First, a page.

Each week, we select the most interesting Jewish obituary. This week (or, really, from last week), it’s that of Arthur Goldreich. A South Africa-born Israeli, Goldreich made waves from the age of 11, when he demanded to be taught Hebrew instead of the German that was then in vogue, given that it was 1940 and it seemed possible the Nazis would take over the world. While still a teenager, he fought for Israel’s independence in the Palmach. When he returned to his homeland in the 1950s, he joined the militant anti-apartheid group led by Nelson Mandela (as well as, likely, the Communist Party); by 1963, he was hiding the great leader, and was eventually arrested, along with Mandela and several others. He avoided the decades in jail Mandela suffered only by bribing a guard, disgusing himself as a priest, and fleeing to Tanzania.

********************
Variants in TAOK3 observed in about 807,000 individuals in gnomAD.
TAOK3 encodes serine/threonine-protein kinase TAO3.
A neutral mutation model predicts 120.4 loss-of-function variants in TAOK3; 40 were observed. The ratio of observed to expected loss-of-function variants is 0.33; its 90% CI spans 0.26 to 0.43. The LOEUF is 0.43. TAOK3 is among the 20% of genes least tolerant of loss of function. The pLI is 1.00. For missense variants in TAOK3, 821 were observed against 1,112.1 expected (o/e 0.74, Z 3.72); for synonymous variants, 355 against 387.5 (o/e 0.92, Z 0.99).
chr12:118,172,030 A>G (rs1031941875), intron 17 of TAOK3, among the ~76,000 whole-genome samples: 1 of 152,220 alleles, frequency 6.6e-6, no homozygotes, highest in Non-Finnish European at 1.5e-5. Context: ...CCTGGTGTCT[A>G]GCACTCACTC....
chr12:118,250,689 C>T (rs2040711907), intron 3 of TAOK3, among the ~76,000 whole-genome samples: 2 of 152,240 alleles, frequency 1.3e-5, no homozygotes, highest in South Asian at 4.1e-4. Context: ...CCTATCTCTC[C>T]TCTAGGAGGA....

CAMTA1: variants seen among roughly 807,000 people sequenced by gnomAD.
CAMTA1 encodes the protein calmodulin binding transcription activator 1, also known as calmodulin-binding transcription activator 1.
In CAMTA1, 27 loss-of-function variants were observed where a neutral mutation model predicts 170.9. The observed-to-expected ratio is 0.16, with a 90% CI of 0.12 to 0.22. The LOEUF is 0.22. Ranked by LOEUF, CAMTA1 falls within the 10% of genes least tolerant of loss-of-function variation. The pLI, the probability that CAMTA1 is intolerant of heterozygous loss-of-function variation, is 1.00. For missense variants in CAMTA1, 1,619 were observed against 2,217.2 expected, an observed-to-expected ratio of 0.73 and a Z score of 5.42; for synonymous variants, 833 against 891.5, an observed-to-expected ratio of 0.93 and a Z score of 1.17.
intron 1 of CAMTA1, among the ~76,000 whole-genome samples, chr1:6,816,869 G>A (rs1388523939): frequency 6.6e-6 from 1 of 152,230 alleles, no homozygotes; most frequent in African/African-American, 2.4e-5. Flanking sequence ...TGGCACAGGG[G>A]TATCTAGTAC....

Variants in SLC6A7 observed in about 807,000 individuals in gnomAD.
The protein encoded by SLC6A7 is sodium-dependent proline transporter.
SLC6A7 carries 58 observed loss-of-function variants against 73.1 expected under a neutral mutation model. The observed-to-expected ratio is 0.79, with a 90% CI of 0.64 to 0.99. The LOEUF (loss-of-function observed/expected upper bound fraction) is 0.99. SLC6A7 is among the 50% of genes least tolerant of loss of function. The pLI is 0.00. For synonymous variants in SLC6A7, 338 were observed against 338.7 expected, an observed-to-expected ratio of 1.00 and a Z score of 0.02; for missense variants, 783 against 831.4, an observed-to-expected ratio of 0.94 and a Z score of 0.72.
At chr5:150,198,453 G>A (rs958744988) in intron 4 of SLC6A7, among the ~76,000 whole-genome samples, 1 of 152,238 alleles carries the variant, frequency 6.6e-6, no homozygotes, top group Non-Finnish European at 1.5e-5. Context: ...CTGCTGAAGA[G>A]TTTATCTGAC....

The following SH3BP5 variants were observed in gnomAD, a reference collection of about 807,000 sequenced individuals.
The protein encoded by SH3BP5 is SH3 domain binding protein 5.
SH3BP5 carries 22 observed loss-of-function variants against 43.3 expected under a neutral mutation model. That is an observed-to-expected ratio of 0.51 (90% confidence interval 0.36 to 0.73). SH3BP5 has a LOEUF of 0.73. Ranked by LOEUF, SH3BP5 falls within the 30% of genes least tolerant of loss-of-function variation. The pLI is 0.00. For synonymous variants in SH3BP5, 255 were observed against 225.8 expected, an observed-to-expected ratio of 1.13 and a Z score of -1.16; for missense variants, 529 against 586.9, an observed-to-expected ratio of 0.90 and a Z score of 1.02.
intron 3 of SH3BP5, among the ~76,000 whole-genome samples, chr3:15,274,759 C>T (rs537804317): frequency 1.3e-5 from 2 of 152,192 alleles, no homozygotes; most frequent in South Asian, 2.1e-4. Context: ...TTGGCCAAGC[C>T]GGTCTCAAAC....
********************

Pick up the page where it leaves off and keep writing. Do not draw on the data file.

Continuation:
Back in Israel, and incidentally a gifted painted and designer, he helped Jerusalem’s Bezalel Academy of Art and Design rise to its current status of international prominence. Late in life, he also took to criticizing Israeli policy, referring at one point to the occupation as “bantustanism.” His death in Tel Aviv was announced by the Nelson Mandela Foundation.
Arthur Goldreich, a Leader of the Armed Fight to End Apartheid, Dies at 82 [NYT]
Related: Intelligent Design [Tablet Magazine]
Marc Tracy is a staff writer at The New Republic, and was previously a staff writer at Tablet. He tweets @marcatracy.